The parable is open-ended.  It does not tell about the owner of the vineyard who came back after the year.  Applied to Jerusalem and the Israel, it has an end.  They did not seize the opportunity of grace offered to them.  They crucified their Saviour, crying our, “Let his blood be on us and our children!”  About forty years after that, the Romans came and destroyed their temple, their city and plundered their land.  They spurned the grace granted to them by their Christ – and the judgement of God fell on them.  Perhaps, as the walls of the city came tumbling wind on them and they fled their houses, the words of our Lord rang in their ears:

“Do you think that these Galileans were worse sinners than all the other Galileans because they suffered this way? I tell you, no! But unless you repent, you too will all perish. (Luke 13:2–3, NIV)


My dear brother and sister, we have seen Christmas come and go.  We heard about the Saviour born in Bethlehem according to the Scriptures.  This message called us to worship Him as the Son of God.  Over and over again we have heard the Gospel, and we clearly understand that calling ourselves “children of Abraham” means nothing if we do not repent and follow Jesus Christ.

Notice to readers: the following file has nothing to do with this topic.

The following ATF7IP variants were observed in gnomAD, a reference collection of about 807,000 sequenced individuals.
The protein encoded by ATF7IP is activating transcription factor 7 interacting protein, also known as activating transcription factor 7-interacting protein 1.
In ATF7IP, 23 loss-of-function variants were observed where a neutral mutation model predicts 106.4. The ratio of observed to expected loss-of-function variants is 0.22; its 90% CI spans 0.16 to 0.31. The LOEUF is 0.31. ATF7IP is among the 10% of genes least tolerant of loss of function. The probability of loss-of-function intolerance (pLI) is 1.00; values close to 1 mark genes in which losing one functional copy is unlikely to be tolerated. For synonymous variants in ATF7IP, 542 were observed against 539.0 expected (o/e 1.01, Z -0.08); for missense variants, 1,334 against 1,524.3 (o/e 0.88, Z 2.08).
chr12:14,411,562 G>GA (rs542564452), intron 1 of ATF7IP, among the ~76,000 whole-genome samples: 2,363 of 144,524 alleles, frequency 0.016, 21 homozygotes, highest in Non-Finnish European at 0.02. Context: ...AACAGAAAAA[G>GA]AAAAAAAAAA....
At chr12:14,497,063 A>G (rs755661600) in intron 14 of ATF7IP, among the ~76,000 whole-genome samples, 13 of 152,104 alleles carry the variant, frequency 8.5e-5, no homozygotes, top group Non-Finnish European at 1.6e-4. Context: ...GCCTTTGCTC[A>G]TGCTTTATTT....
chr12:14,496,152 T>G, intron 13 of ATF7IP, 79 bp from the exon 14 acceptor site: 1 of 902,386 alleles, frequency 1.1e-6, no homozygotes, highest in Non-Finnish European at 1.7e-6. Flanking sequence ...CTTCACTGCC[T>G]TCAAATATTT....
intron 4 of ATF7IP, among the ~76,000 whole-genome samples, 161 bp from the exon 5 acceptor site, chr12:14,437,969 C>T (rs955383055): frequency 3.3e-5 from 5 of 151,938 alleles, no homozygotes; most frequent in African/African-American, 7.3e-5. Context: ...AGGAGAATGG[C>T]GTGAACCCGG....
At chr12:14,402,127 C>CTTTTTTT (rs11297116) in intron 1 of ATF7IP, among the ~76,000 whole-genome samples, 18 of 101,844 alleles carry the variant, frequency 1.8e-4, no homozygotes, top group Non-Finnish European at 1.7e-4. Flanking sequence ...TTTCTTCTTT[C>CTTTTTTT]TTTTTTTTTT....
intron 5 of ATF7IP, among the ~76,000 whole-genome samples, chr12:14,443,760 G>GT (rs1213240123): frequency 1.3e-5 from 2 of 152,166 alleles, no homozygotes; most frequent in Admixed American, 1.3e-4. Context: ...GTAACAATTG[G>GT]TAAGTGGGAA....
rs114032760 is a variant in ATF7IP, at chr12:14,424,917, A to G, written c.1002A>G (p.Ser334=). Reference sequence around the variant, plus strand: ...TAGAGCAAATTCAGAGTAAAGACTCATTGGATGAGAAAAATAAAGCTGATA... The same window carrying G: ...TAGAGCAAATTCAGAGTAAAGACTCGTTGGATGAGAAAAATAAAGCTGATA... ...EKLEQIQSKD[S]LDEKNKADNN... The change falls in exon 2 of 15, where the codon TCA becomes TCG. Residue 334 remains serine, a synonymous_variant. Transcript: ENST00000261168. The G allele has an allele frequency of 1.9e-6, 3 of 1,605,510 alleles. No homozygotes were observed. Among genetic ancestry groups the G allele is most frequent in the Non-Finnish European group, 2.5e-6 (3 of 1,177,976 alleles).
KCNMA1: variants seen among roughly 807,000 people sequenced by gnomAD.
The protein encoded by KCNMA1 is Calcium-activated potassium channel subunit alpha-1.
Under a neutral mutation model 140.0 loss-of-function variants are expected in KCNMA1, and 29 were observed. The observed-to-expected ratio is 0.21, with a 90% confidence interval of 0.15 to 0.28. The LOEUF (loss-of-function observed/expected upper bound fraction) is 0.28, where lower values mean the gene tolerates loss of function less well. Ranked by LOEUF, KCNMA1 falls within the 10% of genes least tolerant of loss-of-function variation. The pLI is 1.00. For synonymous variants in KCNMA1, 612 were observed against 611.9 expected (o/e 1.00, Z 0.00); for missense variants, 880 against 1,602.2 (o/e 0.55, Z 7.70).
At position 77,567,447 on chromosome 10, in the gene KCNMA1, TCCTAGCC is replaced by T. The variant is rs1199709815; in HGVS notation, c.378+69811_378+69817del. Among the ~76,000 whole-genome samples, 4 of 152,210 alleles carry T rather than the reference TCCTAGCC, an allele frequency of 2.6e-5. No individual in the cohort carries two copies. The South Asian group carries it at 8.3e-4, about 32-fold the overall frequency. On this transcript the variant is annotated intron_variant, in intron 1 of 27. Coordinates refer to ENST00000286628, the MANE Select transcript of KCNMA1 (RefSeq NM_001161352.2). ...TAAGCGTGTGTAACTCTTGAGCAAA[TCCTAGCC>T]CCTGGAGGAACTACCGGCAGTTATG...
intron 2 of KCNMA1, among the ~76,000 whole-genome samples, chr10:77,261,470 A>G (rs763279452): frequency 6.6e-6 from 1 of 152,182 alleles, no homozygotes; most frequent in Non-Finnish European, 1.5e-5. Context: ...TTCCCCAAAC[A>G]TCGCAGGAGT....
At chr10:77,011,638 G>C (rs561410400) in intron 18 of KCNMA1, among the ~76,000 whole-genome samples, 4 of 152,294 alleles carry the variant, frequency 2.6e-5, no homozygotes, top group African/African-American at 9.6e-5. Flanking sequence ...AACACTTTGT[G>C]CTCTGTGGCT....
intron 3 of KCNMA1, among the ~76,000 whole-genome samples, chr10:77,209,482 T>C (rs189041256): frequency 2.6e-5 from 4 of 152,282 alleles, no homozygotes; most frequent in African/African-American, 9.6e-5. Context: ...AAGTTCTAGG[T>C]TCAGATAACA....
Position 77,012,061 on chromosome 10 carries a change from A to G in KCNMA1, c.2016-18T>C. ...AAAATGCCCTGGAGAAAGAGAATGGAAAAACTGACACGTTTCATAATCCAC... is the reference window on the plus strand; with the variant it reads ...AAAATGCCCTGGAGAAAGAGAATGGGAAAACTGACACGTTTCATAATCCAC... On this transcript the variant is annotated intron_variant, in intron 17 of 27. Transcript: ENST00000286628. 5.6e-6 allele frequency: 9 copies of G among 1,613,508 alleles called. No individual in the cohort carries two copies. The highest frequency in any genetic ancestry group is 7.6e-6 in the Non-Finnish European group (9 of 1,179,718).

We have now entered another year – the year 2014 of our Lord.  It brings new opportunities and challenges – and privileges. If this church is indeed part of the vineyard of the Lord, it is logic to assume that He is looking for fruit?  It fair to assume that we live on borrowed time, especially in the light of the grace and mercy in Jesus Christ.  Do we hear our Lord intercede for us, “Leave it alone for one more year, and I’ll dig around it and fertilise it.”  What grace and mercy!

But do we understand the rest of what He says, “If [it does not bear fruit], then cut it down.”

Shall we beg for mercy?  Shall we resolve to be a fruit-bearing church?  Shall we, one by one, ask the Lord to give us grace – maybe for another year – to bear fruit that will glorify Him.

Let us pray.


Sermon preached by Rev D. Rudi Schwartz on Sunday 5 January 2014